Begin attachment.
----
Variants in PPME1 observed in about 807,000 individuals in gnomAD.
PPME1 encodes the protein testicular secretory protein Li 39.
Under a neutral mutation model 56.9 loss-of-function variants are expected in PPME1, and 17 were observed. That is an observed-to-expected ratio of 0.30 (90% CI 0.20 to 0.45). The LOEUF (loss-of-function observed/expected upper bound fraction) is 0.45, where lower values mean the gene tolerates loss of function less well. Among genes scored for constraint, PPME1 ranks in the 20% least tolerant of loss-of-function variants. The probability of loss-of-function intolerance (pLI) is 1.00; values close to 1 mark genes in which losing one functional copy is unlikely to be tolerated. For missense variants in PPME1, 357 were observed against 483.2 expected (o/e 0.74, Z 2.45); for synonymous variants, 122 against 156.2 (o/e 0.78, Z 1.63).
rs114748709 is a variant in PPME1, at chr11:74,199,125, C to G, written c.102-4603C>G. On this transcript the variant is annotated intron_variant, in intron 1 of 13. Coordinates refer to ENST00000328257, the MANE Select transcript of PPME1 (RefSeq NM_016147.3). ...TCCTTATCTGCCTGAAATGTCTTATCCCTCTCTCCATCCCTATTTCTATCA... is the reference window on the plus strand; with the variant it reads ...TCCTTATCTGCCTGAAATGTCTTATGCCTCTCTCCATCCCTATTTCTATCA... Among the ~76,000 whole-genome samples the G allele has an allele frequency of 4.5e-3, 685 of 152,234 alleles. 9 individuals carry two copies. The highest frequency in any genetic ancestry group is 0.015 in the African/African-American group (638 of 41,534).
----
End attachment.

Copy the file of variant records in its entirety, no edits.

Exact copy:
Variants in PPME1 observed in about 807,000 individuals in gnomAD.
PPME1 encodes the protein testicular secretory protein Li 39.
Under a neutral mutation model 56.9 loss-of-function variants are expected in PPME1, and 17 were observed. That is an observed-to-expected ratio of 0.30 (90% CI 0.20 to 0.45). The LOEUF (loss-of-function observed/expected upper bound fraction) is 0.45, where lower values mean the gene tolerates loss of function less well. Among genes scored for constraint, PPME1 ranks in the 20% least tolerant of loss-of-function variants. The probability of loss-of-function intolerance (pLI) is 1.00; values close to 1 mark genes in which losing one functional copy is unlikely to be tolerated. For missense variants in PPME1, 357 were observed against 483.2 expected (o/e 0.74, Z 2.45); for synonymous variants, 122 against 156.2 (o/e 0.78, Z 1.63).
rs114748709 is a variant in PPME1, at chr11:74,199,125, C to G, written c.102-4603C>G. On this transcript the variant is annotated intron_variant, in intron 1 of 13. Coordinates refer to ENST00000328257, the MANE Select transcript of PPME1 (RefSeq NM_016147.3). ...TCCTTATCTGCCTGAAATGTCTTATCCCTCTCTCCATCCCTATTTCTATCA... is the reference window on the plus strand; with the variant it reads ...TCCTTATCTGCCTGAAATGTCTTATGCCTCTCTCCATCCCTATTTCTATCA... Among the ~76,000 whole-genome samples the G allele has an allele frequency of 4.5e-3, 685 of 152,234 alleles. 9 individuals carry two copies. The highest frequency in any genetic ancestry group is 0.015 in the African/African-American group (638 of 41,534).